Okay, so it’s not a Game A Day. In fact.. It’s not a game a month. I’ve been rearranging several aspects of my life, including moving so things haven’t been getting updated around here, but that will change soon enough. Meanwhile, why don’t you head on over to the 2 Girls 1 Game podcast homepage and see about winning the copy of The Whispered World we’re giving away. You have until Saturday to post your comment and enter to win, so go check it out!
Five minute MMORPG aims to recreate the MMORPG experience we all know and love. You’re put together in a party with six others and you must level up, PVP, and deal with lag while you aim to come out on top.
It’s a deviously simple game that I spent the better part of an hour playing. I can only image it’s what people who play multiplayer games on dial-up must deal with, because lag is incorporated into the game.
You’re basically traversing a huge square that is the game world, attempting to player kill everyone else while avoiding getting player killed yourself. There are no mages and priests and healing rotations, so for those spastic tanks, sit down. You’re left with a sword and board and you must decide when in your lag you should sword, and when you should board.
It’s a great time waster, as you can travel around collecting treasure and owning the other people on the map, and when you manage to win one, it’s a pretty great feeling. Of course, when you die because you lagged into someone’s sword, well now you have a valid excuse, don’t you?
The name of the game is 5 minute MMORPG, but even on the game’s description it tells you that it’s not that massive. In fact, I think there’s only room for around 6 or so players on the field, and if not enough people are playing, the game will fill in the slots with computer bots.
The design team behind the game conceived the game for the Nordic Game Jam and there are quite a few of them, so head on over to the website by clicking the download button and check the game out. It’s a great time waster and you’ll find yourself chuckling at the five minute lore.
Think of Treasure Island Online as battleship for pirates. It’s an interesting social experiment that has several people playing at the moment, so it’s sure to keep you entertained for a few hours if you enjoy suspense.
The premise for the game is quite simple. You’re marooned on an island with however many other people are playing the game, and you’re tasked with finding the square that has the treasure. The kicker is that it costs one gold to dig a square, so if you go digging like crazy, you’ll quickly find you’ve run out of money.
Finding the balance between digging to progress the game, and digging to win is the name of the game in Jesse Venbrux’s latest game. Of course, the online aspect is really what makes the game, because there’s nothing like swooping in on a progressed board to find the treasure. My current high score has been 130 coins, but I’m sure there’s someone out there who can beat that. After all, the ultimate goal of the game is to find this:
Of course, how much you find is entirely randomly generated, as well. Anywhere from 5 to 30 coins are hidden in a chest on the island, and once someone finds it, the game is reset. It was a two day effort by Jesse Venbrux, so check it out and give it a play. It’s definitely fun watching people scramble around to dig.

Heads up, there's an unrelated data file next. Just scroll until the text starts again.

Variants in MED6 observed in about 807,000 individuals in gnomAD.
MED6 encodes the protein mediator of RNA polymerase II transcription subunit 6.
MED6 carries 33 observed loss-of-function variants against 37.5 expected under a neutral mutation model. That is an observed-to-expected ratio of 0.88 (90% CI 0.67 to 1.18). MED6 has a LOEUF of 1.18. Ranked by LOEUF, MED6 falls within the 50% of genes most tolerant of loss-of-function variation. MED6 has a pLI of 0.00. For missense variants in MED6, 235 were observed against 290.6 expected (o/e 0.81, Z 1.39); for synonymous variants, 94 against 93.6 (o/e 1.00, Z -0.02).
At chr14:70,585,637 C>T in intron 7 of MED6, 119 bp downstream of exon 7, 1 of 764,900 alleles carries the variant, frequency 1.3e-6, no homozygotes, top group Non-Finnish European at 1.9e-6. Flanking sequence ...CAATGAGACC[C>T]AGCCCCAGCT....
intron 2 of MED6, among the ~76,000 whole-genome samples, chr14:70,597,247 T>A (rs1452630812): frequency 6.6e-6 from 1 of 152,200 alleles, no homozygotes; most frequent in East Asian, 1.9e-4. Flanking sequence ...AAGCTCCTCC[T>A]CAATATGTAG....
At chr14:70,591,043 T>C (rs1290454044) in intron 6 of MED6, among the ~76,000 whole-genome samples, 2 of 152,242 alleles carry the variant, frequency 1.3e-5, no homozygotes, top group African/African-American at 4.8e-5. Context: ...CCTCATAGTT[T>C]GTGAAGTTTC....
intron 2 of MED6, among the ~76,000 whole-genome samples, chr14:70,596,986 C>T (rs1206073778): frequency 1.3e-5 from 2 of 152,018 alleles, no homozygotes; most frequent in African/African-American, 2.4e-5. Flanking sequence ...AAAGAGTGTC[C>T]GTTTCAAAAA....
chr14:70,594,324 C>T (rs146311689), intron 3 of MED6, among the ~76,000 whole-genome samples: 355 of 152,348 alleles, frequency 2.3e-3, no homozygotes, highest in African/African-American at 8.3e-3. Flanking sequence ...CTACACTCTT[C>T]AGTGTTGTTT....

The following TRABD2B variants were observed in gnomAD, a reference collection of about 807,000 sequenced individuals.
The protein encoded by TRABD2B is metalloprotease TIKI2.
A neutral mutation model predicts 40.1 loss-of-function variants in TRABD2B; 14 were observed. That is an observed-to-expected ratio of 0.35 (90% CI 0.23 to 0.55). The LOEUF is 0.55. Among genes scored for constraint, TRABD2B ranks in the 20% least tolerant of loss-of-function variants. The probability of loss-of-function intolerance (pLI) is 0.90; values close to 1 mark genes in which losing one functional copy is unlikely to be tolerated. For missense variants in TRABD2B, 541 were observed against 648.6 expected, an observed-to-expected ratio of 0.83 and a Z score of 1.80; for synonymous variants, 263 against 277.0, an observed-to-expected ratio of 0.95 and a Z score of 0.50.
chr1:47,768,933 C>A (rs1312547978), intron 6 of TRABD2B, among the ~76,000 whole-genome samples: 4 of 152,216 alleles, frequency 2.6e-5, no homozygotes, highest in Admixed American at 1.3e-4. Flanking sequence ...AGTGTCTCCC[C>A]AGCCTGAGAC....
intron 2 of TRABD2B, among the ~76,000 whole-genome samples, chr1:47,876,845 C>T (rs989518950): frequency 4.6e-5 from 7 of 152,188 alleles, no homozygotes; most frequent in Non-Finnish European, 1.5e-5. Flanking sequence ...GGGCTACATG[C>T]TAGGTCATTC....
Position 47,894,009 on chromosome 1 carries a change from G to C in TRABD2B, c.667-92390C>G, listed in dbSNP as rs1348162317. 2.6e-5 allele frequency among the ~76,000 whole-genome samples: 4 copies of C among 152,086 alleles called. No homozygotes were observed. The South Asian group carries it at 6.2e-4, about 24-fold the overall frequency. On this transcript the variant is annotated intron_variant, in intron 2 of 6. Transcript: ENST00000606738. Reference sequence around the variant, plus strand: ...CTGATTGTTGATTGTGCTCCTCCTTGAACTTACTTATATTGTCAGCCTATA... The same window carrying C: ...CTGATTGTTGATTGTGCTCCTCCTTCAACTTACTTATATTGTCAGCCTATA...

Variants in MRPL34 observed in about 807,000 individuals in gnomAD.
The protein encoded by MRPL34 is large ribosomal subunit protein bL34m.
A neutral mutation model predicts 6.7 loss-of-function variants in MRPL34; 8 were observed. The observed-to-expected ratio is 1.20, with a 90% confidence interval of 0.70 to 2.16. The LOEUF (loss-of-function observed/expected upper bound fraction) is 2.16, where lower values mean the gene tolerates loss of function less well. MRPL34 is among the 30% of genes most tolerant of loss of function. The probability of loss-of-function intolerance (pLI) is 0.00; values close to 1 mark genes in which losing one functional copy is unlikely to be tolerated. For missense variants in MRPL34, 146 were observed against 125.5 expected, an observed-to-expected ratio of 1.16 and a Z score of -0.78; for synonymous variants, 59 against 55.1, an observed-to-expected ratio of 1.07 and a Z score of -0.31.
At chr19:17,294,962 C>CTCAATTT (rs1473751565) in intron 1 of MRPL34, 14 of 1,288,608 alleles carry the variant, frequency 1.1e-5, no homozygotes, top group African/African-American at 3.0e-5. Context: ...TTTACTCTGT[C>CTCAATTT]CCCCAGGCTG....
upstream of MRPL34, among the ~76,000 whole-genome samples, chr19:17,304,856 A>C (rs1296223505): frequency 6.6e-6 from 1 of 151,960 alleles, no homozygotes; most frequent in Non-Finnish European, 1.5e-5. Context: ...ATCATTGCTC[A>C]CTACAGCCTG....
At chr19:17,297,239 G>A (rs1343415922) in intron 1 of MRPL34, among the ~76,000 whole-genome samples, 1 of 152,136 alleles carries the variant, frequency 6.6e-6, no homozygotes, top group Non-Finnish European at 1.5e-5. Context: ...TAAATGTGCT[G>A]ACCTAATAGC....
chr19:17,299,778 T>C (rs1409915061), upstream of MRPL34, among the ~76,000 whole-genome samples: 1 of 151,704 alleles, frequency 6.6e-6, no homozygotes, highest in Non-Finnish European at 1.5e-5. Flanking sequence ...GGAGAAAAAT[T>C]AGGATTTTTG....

Dreamside Maroon is the interesting creation of four DigiPen students, and an IGF 2010 Student Showcase winner. I believe if the game had been eligible for the Visual Arts category, it would have won that as well, as its a completely beautiful game.
You play a small boy named Aster who has control of a vine which he can grow to get into the moon. Of course, it’s any little boy’s dream to get to the moon and the entire game takes place as Aster is dreaming. It’s not a very beefy download given how great the game looks, which is one of the things that surprised me about it.
The game is controlled either with the keyboard, or with a 360 controller, should you possess the wired variety. Of course, the enjoyment you get out of the game depends on whether you take the time to explore the world, or whether you rocket straight to the moon.
I went both paths and found that when I explored my world by landing next to the large lanterns, I was clued in a bit to the feelings of Aster and the world around him. This also spawned fireflies which were attracted to the lantern Aster holds and this adds a secondary objective to the game: how many fireflies will you bring to the moon with you?
As you can see, it’s possible to grow you vine in just about any direction, allowing you to collect the fireflies and reach the next lantern to collect more. My only qualm with the game is that it’s nearly impossible to control with a keyboard, so I quickly turned to my 360 controller. This was somewhat easier, but it’s not the fluid controlled experience one would hope to get.
If you’re interested in checking out Dreamside Maroon and exploring Aster’s world, hit the download button to be taken to the website. While you’re there, don’t forget to check out the team biographies as there is some great talent behind this IGF Student Showcase winner.
Hats by Fatshark Interview
2 Girls 1 Game Episode #03 - Something Western
This week we had a chance to sit down with two developers from Fatshark who are working on Lead & Gold, a co-operative multiplayer team-based shooter. In addition, we take a look at Eskil Steenberg’s Love, which is a great not so massively multi-player game that requires players work together in order to succeed.
You can listen to the podcast below and if you’re curious about any of the things we’ve talked about, go ahead and click through to the main episode page using this link. Don’t forget to join us next Sunday for another episode of 2 Girls 1 Game, the indie gaming podcast!